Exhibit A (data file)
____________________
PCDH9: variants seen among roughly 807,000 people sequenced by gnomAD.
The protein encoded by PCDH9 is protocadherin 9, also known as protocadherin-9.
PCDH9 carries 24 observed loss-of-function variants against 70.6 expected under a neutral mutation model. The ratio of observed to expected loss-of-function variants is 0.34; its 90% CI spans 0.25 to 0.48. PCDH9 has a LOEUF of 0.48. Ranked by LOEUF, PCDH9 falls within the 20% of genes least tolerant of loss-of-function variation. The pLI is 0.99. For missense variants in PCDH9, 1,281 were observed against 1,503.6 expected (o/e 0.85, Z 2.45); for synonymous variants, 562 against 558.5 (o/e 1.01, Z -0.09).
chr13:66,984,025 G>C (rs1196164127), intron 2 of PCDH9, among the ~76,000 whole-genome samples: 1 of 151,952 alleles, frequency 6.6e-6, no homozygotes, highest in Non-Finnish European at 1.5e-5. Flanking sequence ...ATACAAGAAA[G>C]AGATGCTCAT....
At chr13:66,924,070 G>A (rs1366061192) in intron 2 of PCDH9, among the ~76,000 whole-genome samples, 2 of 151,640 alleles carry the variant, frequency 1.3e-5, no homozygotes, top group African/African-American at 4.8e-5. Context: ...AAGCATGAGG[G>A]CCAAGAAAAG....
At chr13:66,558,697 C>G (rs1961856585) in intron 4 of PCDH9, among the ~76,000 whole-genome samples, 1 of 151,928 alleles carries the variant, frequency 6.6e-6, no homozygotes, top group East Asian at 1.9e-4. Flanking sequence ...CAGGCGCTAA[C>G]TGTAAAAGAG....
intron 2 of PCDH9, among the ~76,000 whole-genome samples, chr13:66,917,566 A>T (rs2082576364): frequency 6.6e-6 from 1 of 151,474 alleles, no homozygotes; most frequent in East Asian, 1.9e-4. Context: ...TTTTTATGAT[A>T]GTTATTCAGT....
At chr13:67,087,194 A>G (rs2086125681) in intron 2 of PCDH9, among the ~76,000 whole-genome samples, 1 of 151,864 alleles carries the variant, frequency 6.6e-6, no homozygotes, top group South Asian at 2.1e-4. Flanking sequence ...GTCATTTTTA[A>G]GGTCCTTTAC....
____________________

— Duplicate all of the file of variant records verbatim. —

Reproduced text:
PCDH9: variants seen among roughly 807,000 people sequenced by gnomAD.
The protein encoded by PCDH9 is protocadherin 9, also known as protocadherin-9.
PCDH9 carries 24 observed loss-of-function variants against 70.6 expected under a neutral mutation model. The ratio of observed to expected loss-of-function variants is 0.34; its 90% CI spans 0.25 to 0.48. PCDH9 has a LOEUF of 0.48. Ranked by LOEUF, PCDH9 falls within the 20% of genes least tolerant of loss-of-function variation. The pLI is 0.99. For missense variants in PCDH9, 1,281 were observed against 1,503.6 expected (o/e 0.85, Z 2.45); for synonymous variants, 562 against 558.5 (o/e 1.01, Z -0.09).
chr13:66,984,025 G>C (rs1196164127), intron 2 of PCDH9, among the ~76,000 whole-genome samples: 1 of 151,952 alleles, frequency 6.6e-6, no homozygotes, highest in Non-Finnish European at 1.5e-5. Flanking sequence ...ATACAAGAAA[G>C]AGATGCTCAT....
At chr13:66,924,070 G>A (rs1366061192) in intron 2 of PCDH9, among the ~76,000 whole-genome samples, 2 of 151,640 alleles carry the variant, frequency 1.3e-5, no homozygotes, top group African/African-American at 4.8e-5. Context: ...AAGCATGAGG[G>A]CCAAGAAAAG....
At chr13:66,558,697 C>G (rs1961856585) in intron 4 of PCDH9, among the ~76,000 whole-genome samples, 1 of 151,928 alleles carries the variant, frequency 6.6e-6, no homozygotes, top group East Asian at 1.9e-4. Flanking sequence ...CAGGCGCTAA[C>G]TGTAAAAGAG....
intron 2 of PCDH9, among the ~76,000 whole-genome samples, chr13:66,917,566 A>T (rs2082576364): frequency 6.6e-6 from 1 of 151,474 alleles, no homozygotes; most frequent in East Asian, 1.9e-4. Context: ...TTTTTATGAT[A>T]GTTATTCAGT....
At chr13:67,087,194 A>G (rs2086125681) in intron 2 of PCDH9, among the ~76,000 whole-genome samples, 1 of 151,864 alleles carries the variant, frequency 6.6e-6, no homozygotes, top group South Asian at 2.1e-4. Flanking sequence ...GTCATTTTTA[A>G]GGTCCTTTAC....